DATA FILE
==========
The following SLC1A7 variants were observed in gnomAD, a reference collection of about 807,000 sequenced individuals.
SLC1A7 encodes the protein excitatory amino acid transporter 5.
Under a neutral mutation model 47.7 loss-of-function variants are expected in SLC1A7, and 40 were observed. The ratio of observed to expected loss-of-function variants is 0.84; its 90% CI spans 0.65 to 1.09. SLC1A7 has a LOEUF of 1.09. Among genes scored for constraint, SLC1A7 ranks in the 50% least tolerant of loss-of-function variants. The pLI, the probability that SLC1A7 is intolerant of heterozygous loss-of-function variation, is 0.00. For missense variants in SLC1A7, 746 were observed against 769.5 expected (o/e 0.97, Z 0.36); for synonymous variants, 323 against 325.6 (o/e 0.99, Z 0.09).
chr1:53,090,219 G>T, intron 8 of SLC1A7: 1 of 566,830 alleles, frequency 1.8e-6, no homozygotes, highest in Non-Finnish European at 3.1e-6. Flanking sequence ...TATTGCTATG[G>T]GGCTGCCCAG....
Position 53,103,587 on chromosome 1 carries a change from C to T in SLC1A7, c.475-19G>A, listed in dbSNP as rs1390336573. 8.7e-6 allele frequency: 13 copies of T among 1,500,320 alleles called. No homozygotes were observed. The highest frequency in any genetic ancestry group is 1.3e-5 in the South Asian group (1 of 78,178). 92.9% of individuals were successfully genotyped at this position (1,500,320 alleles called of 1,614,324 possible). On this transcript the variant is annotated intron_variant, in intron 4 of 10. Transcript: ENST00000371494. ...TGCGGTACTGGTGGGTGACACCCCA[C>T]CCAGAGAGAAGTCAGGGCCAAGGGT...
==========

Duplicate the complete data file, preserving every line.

The following SLC1A7 variants were observed in gnomAD, a reference collection of about 807,000 sequenced individuals.
SLC1A7 encodes the protein excitatory amino acid transporter 5.
Under a neutral mutation model 47.7 loss-of-function variants are expected in SLC1A7, and 40 were observed. The ratio of observed to expected loss-of-function variants is 0.84; its 90% CI spans 0.65 to 1.09. SLC1A7 has a LOEUF of 1.09. Among genes scored for constraint, SLC1A7 ranks in the 50% least tolerant of loss-of-function variants. The pLI, the probability that SLC1A7 is intolerant of heterozygous loss-of-function variation, is 0.00. For missense variants in SLC1A7, 746 were observed against 769.5 expected (o/e 0.97, Z 0.36); for synonymous variants, 323 against 325.6 (o/e 0.99, Z 0.09).
chr1:53,090,219 G>T, intron 8 of SLC1A7: 1 of 566,830 alleles, frequency 1.8e-6, no homozygotes, highest in Non-Finnish European at 3.1e-6. Flanking sequence ...TATTGCTATG[G>T]GGCTGCCCAG....
Position 53,103,587 on chromosome 1 carries a change from C to T in SLC1A7, c.475-19G>A, listed in dbSNP as rs1390336573. 8.7e-6 allele frequency: 13 copies of T among 1,500,320 alleles called. No homozygotes were observed. The highest frequency in any genetic ancestry group is 1.3e-5 in the South Asian group (1 of 78,178). 92.9% of individuals were successfully genotyped at this position (1,500,320 alleles called of 1,614,324 possible). On this transcript the variant is annotated intron_variant, in intron 4 of 10. Transcript: ENST00000371494. ...TGCGGTACTGGTGGGTGACACCCCA[C>T]CCAGAGAGAAGTCAGGGCCAAGGGT...